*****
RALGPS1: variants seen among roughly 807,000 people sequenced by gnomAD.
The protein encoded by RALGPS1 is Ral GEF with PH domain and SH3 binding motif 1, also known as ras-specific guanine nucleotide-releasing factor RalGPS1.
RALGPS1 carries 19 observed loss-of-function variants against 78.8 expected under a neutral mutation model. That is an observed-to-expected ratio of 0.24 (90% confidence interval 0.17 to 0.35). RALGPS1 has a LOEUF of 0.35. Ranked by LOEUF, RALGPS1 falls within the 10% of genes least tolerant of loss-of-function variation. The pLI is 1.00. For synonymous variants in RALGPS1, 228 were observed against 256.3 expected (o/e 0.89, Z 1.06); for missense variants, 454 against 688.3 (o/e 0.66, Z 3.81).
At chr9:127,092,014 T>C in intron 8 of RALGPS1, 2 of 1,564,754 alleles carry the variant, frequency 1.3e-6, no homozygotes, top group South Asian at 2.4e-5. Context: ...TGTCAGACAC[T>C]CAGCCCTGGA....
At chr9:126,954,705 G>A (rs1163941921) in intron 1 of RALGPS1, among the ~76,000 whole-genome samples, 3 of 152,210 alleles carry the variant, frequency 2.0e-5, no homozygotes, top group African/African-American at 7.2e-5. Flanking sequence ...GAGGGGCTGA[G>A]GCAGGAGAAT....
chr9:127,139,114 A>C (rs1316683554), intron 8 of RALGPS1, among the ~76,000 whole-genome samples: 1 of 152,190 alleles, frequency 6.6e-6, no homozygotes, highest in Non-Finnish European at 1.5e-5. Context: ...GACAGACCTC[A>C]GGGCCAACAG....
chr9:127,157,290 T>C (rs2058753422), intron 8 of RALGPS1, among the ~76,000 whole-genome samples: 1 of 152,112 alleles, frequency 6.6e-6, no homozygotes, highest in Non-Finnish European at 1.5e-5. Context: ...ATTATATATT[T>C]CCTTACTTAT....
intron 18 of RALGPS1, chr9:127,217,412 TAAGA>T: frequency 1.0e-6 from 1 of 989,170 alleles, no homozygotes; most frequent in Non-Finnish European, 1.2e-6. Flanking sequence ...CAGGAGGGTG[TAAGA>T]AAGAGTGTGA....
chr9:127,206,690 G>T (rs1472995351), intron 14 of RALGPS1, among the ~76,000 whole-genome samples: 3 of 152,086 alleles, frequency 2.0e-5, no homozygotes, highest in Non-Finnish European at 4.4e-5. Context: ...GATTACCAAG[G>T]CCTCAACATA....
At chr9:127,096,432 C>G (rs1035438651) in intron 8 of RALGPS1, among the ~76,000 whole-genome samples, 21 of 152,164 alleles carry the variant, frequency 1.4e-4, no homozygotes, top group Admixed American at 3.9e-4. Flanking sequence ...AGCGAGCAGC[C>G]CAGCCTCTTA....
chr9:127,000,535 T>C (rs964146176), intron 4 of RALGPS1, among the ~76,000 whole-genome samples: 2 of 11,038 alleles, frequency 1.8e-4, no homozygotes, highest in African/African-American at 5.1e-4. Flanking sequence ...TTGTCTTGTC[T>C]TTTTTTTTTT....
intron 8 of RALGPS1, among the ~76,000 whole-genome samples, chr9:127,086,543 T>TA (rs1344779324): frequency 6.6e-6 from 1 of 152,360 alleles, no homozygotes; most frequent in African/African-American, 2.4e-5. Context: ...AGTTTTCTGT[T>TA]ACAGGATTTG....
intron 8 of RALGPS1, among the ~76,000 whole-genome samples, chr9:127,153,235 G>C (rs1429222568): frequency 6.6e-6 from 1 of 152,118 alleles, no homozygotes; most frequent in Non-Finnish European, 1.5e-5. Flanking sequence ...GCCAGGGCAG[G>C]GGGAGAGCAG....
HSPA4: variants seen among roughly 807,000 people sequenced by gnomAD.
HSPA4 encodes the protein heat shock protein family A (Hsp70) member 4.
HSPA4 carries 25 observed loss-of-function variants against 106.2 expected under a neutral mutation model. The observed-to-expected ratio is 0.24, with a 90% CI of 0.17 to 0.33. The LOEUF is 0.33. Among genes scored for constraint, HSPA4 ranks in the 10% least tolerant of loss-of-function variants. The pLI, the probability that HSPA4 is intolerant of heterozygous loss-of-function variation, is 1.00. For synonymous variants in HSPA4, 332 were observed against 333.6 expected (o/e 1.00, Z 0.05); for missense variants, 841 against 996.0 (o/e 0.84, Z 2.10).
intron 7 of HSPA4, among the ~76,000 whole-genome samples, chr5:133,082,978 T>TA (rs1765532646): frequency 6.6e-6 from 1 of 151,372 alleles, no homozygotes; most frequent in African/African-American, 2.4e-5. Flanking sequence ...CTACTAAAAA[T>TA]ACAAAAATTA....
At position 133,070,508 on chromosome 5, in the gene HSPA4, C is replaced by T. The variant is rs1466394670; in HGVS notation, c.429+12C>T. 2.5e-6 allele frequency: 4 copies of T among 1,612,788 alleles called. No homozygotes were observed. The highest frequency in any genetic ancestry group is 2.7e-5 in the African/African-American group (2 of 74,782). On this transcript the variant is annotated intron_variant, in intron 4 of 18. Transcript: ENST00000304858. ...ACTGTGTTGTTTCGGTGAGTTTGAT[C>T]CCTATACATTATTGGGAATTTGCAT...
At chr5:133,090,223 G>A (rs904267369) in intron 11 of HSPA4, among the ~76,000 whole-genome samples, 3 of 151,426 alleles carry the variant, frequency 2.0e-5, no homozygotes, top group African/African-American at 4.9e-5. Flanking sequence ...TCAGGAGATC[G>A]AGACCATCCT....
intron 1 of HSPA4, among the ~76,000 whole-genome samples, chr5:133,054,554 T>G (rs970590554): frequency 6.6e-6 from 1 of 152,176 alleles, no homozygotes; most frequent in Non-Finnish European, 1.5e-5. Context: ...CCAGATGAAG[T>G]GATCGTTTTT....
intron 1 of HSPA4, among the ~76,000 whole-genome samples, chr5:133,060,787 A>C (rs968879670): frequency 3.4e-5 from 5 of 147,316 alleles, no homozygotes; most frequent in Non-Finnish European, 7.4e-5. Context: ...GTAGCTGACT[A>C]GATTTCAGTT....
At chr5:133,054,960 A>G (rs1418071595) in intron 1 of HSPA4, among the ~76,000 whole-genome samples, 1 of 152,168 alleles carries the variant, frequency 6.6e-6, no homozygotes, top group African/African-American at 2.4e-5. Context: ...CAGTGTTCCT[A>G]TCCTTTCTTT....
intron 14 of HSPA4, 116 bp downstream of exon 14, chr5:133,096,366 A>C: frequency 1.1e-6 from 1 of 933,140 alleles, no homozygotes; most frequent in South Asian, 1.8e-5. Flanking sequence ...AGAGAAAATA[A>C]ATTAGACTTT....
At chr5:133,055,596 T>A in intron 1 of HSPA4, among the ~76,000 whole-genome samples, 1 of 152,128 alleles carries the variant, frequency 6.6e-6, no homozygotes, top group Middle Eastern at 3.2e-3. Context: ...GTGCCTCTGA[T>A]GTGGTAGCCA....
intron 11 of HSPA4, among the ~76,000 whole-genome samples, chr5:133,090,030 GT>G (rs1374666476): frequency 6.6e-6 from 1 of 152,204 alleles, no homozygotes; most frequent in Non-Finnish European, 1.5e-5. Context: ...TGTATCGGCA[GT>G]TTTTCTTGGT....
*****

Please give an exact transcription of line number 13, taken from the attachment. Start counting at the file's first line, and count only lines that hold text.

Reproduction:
intron 8 of RALGPS1, among the ~76,000 whole-genome samples, chr9:127,153,235 G>C (rs1429222568): frequency 6.6e-6 from 1 of 152,118 alleles, no homozygotes; most frequent in Non-Finnish European, 1.5e-5. Flanking sequence ...GCCAGGGCAG[G>C]GGGAGAGCAG....